Who Will Lead The Buckeyes?

For the past two seasons, Ohio State football has had some of the most accomplished players in the history of the program holding down key leadership roles. With those players now off to the NFL, take a look at which groups of players might fill that leadership void that has been left behind.

CHICAGO – The torch is finally being passed.

Last season, the Ohio State football team had a number of built-in leaders who had already been through the rigors of a Big Ten season in addition to two national championship games. A senior class that boasted 28 players was captained by some of the most accomplished names in OSU history.

When head coach Jim Tressel needed a player to step up and be a leader, he had three-time all-Big Ten honorees Malcolm Jenkins and James Laurinaitis to call on. Or fifth-year senior Marcus Freeman. Or (essentially) sixth-year quarterback Todd Boeckman.

That group of seniors had held onto the leadership reins for the past two seasons owing partly to a 2007 senior class that totaled five players on scholarship including former walk-on Trever Robinson. It all added up to an entrenched group of leaders who knew how to live in the spotlight and be the face of the team.

But now that group is gone, and stepping into the void are a number of faces – some new, some old.

"I think change is exciting for everyone," Tressel said. "Not that you'd ever say, ‘Boy, it's exciting that James Laurinaitis and Malcolm Jenkins aren't here.' It's not that. There's a new energy when someone else is handed the torch. Let's see how they do."

The dynamics of the 2009 Buckeyes paint a team that could derive leadership from two groups. First up is the obvious choice: the senior class. This year's team boasts 14 seniors on scholarship including safety Kurt Coleman.

"The leadership definitely starts with the senior class," Coleman said. "The sophomore class, they're coming along but there are so many things you need to experience. It definitely starts with the senior class and we feel like this is our team. We want this team to be the best. We want to leave the legacy."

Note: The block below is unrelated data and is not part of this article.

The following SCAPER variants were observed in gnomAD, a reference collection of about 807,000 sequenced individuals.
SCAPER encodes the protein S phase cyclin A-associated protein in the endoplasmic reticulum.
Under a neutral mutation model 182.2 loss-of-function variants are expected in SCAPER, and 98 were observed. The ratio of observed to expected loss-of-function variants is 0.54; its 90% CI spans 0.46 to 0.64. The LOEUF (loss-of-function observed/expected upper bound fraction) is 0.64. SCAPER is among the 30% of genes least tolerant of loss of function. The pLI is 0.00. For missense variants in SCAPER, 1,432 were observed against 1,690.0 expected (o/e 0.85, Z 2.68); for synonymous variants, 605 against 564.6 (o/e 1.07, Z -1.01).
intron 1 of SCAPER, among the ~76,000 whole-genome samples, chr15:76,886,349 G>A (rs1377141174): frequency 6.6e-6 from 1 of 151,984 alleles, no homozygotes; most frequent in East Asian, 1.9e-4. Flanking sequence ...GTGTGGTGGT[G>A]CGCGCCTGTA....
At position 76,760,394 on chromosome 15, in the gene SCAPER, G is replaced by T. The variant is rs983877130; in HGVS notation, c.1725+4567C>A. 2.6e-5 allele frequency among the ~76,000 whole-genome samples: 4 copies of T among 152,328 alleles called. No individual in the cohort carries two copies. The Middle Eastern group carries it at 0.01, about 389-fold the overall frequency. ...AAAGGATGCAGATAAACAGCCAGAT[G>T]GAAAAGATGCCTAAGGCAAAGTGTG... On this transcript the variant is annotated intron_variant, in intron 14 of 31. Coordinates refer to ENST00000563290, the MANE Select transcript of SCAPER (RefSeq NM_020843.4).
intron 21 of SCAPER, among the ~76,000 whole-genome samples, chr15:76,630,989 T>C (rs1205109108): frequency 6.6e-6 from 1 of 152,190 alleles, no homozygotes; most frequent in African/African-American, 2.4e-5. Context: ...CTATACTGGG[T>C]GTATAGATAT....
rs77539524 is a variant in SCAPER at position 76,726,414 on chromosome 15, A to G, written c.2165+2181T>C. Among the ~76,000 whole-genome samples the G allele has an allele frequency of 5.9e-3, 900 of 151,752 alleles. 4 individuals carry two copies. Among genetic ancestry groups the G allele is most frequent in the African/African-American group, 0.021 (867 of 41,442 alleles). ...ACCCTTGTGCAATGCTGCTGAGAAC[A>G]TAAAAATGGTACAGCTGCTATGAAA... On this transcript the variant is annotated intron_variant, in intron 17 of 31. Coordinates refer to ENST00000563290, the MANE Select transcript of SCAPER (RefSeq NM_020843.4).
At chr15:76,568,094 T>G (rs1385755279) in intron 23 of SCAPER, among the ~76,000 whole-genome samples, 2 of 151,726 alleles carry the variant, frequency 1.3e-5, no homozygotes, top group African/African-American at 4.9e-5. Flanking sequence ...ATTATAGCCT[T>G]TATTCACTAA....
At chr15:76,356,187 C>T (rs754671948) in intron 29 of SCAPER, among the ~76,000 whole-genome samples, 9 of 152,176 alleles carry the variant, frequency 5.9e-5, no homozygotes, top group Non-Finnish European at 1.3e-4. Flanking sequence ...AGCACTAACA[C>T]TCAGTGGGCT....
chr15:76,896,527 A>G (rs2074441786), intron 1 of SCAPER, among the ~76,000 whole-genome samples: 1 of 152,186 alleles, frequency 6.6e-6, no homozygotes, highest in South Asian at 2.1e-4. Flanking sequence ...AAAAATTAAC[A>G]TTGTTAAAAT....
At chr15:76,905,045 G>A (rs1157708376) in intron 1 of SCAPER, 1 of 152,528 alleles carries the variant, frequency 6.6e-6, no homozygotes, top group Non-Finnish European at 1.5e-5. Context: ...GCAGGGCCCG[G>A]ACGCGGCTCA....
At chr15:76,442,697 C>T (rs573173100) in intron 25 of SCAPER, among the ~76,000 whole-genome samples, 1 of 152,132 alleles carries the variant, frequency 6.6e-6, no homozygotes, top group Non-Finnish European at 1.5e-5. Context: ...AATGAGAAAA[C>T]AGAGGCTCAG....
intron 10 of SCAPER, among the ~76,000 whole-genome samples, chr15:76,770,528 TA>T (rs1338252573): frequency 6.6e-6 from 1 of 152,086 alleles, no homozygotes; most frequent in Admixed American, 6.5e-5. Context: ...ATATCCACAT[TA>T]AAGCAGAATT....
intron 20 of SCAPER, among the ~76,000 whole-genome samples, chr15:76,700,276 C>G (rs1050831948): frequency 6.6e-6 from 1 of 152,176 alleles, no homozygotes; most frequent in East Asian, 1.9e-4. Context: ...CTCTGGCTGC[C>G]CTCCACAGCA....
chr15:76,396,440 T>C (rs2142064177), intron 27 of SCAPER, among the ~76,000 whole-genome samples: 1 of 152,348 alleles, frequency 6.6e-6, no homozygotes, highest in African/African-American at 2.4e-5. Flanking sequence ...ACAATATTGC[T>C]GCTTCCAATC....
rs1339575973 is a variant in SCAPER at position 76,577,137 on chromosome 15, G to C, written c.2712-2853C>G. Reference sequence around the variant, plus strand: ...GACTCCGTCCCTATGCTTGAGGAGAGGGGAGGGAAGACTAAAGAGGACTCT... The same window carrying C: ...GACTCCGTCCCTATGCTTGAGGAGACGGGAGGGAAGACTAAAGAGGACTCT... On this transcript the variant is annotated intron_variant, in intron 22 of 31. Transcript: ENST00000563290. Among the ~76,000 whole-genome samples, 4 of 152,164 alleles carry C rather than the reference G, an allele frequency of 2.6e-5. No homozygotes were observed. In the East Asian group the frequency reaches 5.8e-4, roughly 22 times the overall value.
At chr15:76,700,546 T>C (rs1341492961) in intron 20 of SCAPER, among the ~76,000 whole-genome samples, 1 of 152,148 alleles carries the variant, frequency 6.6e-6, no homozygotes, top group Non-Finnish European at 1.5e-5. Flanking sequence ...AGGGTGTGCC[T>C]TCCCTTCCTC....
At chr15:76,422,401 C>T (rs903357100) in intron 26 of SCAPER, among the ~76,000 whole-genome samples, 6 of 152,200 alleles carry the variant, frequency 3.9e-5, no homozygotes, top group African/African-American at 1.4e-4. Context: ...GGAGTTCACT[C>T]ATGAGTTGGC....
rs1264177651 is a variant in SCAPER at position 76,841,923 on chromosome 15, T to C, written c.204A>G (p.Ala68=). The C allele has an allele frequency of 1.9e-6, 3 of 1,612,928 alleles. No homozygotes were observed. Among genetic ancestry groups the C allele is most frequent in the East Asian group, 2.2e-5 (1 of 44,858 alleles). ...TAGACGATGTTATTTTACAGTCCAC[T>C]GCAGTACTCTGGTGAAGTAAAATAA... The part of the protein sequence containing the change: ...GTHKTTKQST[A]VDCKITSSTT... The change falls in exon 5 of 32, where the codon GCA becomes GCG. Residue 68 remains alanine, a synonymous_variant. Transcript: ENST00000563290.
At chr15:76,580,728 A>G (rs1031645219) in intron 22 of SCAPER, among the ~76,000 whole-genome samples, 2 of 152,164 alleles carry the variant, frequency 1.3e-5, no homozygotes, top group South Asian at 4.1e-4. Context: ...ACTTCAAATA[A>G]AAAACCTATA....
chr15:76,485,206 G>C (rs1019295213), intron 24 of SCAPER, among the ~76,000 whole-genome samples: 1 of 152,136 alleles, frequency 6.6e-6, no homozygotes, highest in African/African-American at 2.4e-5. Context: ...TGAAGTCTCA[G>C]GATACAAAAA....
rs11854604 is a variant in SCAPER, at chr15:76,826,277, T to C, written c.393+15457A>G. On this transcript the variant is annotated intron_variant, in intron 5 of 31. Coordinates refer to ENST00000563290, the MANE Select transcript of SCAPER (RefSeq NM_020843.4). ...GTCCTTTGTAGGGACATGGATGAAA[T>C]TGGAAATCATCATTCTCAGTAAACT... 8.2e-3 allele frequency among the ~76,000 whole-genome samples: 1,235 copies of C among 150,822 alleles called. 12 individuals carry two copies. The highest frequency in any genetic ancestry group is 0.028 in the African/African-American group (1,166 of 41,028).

But as Coleman pointed out, there is that sophomore class to be reckoned with. After entering OSU as one of the top recruiting classes in the country for 2008, this tight-knit group immediately set its sights on winning not just one but several national championships and said as such on National Signing Day.

Last season, then-freshmen Terrelle Pryor and Michael Brewster were the two who carved out starting roles. Pryor's ascension to the starting quarterback role caused some controversy within the locker room as he unseated Boeckman, a team captain. Now, with so much playing time up for grabs, a number of Pryor's classmates are itching to get into the action.

Coleman views the situation as a good one.

"You never want to lose anybody like (last year's seniors), but I almost think it's a good thing for us," he said. "We have new faces out there and we have new people leading the team. I don't want to say it's cockiness, but there's a confidence about us. This team is very confident and we believe we can do it all."

Despite having been leaders on the team for so long, there was also a feeling that perhaps a change in command was needed for the program. Although Laurinaitis, Jenkins and the like had led the Buckeyes to back-to-back national championship games, OSU has lost its last three bowl appearances and was soundly defeated by USC during the regular season last year.

An odds-on favorite to be a captain, Coleman acknowledged that Pryor is now the face of the team. Asked if Pryor might be named a team captain, Tressel said, "I guess sitting here at this moment I'm not sure that is something that you would want to add to a sophomore's plate, but we'll see how things evolve."

Tressel pointed out that leaders are not created overnight. For all the bravado of some of the younger players on the team, there are still a few steps that need to be taken before they can prove themselves capable of steering the ship.

"Leadership, whether you've been here two years or three years or maybe it's your first year into the mix, is only indicated when it gets hard out there – whether it gets hard during summer training or it gets hard out there in preseason training or it gets hard out there down 10 points in your own stadium or whatever," he said. "That's when leadership emerges and people look to someone."

That lack of overall experience and knowledge spills over to the playing field, where Tressel said the coaches will spend the fall trying to get a better feel for what this team will be able to do best. Safe to say, that was not the case a year ago on a team that returned 18 starters on both sides of the ball.

"You probably just don't know the speed at which they're going to evolve into their roles and who is going to step up," Tressel said. "With us not knowing as much about them, it's a little bit harder to feature the things that they do best when you're really not sure yet what they do best and how that meshes with what the other guys do best. We're going to need to really come together quickly in this month of August."

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